Then Lisa checked her phone and saw a notification of a Facebook text message from her aunt Sherry.

Sherry, written in a panicked sort of way, explained that bats in one’s home is not normal, or safe, especially with a baby, and we should check her all over.

To be honest, I thought she was overreacting but started looking online anyway. The first thing I found was how rabies symptoms start off like the flu, and once someone shows symptoms the disease is fatal and all that anyone can do is attempt to make the patient more comfortable and watch as it attacks and destroys their brain.


OK, so how do you know if you’ve been bitten?

The most common type of bat here is the small brown bat, whose teeth are so small and sharp it may be impossible to tell if you’ve been bitten.

“Eric!! Come here for a second please”

I share with Eric all that I’ve just learned and he quietly goes into the study and sits at his computer. He asks me to call our insurance nurse help hotline to ask what we should do, while he makes his own calls.

The nurse recommends some places to call, like animal control to see if rabies is an issue in our area, our pediatrician, our doctor or the emergency room. Everyone was closed except the ER who gives me the number to poison control. The lady there was awesome, she gave me numbers to the city, county and state health departments and advised I contact our on-call pediatrician instead of waiting until Monday. Then throughout the day she called me back to see if I’d gotten the info and help I needed and if not she made more calls. The health departments were all closed with someone just taking messages.. No help and no info to offer me. Actually, the county health department guy read some stuff but basically said I should just try back on Monday – later Eric tells me he found something issued by that same health department from last month about how rabies cases are on the rise in our area.. but that was much later that we learned that.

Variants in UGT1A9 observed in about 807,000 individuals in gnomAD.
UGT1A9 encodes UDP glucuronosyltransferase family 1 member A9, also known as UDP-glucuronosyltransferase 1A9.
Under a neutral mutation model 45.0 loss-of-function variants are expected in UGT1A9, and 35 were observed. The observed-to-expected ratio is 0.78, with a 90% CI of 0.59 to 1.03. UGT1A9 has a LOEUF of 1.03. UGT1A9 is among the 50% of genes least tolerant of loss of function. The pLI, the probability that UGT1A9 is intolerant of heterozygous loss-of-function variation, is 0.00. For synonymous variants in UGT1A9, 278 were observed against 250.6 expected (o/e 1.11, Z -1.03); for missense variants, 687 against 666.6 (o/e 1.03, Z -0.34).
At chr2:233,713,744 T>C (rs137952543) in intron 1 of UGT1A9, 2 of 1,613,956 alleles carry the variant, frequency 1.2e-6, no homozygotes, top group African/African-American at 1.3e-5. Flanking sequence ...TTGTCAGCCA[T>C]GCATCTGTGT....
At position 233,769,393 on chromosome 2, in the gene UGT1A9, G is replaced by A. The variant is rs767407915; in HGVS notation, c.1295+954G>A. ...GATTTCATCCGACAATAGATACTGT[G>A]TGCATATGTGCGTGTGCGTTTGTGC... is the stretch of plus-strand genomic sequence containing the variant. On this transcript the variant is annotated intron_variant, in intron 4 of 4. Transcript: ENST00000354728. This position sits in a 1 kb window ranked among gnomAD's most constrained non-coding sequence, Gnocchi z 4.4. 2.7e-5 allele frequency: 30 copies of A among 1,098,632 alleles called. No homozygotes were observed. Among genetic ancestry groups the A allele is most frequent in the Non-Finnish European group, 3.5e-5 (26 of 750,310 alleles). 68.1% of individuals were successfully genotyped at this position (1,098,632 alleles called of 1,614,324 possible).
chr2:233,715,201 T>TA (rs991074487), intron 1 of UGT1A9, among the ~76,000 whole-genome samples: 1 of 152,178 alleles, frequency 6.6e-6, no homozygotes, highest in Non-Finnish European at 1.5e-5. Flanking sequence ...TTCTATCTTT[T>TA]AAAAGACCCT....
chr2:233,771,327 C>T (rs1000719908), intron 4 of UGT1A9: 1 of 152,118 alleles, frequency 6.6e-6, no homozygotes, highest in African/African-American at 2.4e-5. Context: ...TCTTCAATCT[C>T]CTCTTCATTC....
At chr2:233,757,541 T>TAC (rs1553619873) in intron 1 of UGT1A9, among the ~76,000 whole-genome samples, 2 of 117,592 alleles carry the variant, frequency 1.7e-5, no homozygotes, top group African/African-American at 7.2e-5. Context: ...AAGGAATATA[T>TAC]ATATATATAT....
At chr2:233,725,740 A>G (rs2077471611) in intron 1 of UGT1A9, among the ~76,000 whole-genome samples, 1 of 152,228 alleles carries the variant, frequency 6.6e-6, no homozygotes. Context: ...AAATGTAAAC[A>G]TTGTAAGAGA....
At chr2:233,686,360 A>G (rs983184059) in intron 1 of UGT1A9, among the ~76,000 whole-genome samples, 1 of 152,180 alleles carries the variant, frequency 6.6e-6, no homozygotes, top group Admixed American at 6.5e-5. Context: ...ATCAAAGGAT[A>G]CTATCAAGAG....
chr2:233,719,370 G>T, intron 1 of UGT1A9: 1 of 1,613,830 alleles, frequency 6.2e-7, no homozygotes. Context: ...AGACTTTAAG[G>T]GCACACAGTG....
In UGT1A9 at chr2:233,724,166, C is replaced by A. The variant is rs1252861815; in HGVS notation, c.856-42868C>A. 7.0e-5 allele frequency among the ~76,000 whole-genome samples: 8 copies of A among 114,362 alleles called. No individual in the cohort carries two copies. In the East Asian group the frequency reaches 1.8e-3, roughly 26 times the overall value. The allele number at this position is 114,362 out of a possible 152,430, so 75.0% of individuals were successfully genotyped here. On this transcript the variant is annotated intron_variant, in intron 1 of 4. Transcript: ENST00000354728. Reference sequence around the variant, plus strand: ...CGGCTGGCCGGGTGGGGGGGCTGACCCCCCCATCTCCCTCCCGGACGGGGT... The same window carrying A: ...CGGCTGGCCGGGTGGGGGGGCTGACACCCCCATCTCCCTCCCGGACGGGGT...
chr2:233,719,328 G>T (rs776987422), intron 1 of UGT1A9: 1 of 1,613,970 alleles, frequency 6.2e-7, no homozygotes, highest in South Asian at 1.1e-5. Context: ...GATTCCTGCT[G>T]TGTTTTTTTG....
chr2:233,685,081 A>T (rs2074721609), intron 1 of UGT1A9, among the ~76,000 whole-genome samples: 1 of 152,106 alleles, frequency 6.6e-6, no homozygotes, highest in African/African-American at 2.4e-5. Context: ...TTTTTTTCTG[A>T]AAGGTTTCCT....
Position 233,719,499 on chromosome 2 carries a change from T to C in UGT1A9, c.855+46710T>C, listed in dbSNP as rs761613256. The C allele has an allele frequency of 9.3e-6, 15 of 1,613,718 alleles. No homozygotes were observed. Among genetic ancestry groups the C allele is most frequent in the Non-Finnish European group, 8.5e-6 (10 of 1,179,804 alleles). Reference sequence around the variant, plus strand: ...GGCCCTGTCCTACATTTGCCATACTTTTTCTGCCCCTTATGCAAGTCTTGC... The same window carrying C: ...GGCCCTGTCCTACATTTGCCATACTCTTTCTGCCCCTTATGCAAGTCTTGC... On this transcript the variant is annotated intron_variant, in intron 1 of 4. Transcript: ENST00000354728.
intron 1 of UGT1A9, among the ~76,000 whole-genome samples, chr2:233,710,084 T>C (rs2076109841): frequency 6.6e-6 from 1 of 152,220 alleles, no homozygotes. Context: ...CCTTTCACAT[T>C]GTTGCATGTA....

I called the on-call nurse for our pediatrician practice and she called a doctor and called me back with, “take the baby to Children’s Hospital ER. They’ll advise what you and your husband should do as well.”

We had been told now by poison control, the pediatrician, and the insurance’s nurse hotline (after calling back to see if they could tell if it would be covered, which they couldn’t) that we should be safe and get vaccinated, and after reading TONS of stuff online about rabies, bats, bat bites, and the exorbitant price of rabies shots, finally decided it was probably a good idea.

I was so hesitant because we didn’t know if we’d even been in contact, had no idea how expensive this would be, how it would affect our little baby, plus you hear about people getting bats in their houses with no issue. But one thing we kept reading was that if you wake up to a bat in your room, it’s much more dangerous. Especially with a little one.

So armed with all of our terrifying knowledge we fed the baby, gathered up her stuff, and headed to Children’s.